UMass Boston community will protest potential staff cuts at Board of Trustees meeting

Nearly 400 adjunct faculty received non-renewal notices earlier this month.

Students stood inside the atrium of the Integrated Sciences Complex at UMass Boston. Suzanne Kreiter/ Glboe Staff

Members of the University of Massachusetts Boston community plan to protest the Board of Trustees meeting Wednesday morning in light of a recent university announcement that as many as 400 adjunct faculty members might not return in the fall.

The non-renewal notices went out to nearly 400 adjunct faculty, or about one-third of the 1,271 member teaching staff. Adjunct faculty are hired each semester on an as-needed, course-by-course basis. Under the terms of their collective bargaining agreement UMass must notify non-tenure-track faculty members, if their contracts might not be renewed for the following semester.

“If you put yourself in the shoes of the instructor, you can see how it creates turmoil,” said Scott McLennan, a spokesman for the Massachusetts Teachers Association. “You put someone on notice that they’re not going to have a job. Are they going to sit around and find out or look somewhere else?”


The objective of the demonstration, McLennan said, is to advocate for more funding for the UMass system as a whole. UMass Boston is facing a budget deficit of $22.3 million, and the university will soon have a vote on whether to increase tuition and fees.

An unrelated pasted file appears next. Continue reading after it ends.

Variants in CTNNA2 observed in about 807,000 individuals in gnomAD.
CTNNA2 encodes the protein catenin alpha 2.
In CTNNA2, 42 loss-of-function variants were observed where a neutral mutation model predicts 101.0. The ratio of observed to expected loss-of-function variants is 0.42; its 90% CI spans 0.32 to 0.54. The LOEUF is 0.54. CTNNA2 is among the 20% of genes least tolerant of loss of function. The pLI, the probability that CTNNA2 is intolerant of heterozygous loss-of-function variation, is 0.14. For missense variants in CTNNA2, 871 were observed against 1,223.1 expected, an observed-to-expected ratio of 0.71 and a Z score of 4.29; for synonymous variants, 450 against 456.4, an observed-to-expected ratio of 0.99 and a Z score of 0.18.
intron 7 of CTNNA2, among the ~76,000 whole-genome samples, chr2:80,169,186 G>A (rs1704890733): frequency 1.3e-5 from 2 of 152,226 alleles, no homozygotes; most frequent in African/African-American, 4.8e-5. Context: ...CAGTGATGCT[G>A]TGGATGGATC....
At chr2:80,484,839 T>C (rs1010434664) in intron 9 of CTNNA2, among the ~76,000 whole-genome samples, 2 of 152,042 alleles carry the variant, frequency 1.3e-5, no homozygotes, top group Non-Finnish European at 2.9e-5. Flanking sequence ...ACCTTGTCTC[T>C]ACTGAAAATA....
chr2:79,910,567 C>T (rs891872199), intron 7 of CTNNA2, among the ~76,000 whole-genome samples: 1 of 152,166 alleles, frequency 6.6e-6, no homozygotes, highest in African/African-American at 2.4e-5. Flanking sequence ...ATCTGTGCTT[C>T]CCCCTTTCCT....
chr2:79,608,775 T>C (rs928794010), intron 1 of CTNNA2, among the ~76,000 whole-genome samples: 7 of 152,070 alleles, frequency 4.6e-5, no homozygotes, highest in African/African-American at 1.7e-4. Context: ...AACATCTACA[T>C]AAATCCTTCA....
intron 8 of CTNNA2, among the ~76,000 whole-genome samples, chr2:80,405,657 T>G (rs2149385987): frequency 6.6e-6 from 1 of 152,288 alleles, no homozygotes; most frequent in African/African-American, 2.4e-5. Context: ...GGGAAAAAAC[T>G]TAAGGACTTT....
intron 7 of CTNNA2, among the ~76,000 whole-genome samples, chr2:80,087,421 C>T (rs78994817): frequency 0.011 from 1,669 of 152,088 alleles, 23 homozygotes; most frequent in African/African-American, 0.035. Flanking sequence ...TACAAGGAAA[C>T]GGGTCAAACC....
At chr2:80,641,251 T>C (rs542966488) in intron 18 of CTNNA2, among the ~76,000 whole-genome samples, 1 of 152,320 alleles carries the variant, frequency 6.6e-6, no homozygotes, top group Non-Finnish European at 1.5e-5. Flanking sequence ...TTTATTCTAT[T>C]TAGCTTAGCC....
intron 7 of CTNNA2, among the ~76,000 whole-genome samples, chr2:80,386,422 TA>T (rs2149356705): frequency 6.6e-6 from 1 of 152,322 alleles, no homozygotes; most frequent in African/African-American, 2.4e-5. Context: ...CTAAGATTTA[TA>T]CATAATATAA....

“When you cut positions, class sizes go up,” he said. “And when courses aren’t offered, students can’t graduate on time.”

The university is currently in the process of reexamining its fall schedule to meet student demand most effectively and efficiently, said UMass spokesman DeWayne Lehman. The affected non-tenure-track faculty are employees to whom the university has no contractual obligation beyond a single semester, he said. Most were hired as temporary replacements to teach a single course.

“It is important to note that the notices of possible non-reappointment are not ‘layoffs’ or ‘pink slips,’ but rather notifications required by the collective bargaining unit when a non-tenure-track instructor may not be reappointed the following semester,” he said. “As the fall schedule takes shape, we expect that many of these individuals, perhaps as many as 70 percent, will be rehired.”

The demonstration will take place at the UMass Medical School in Worcester.


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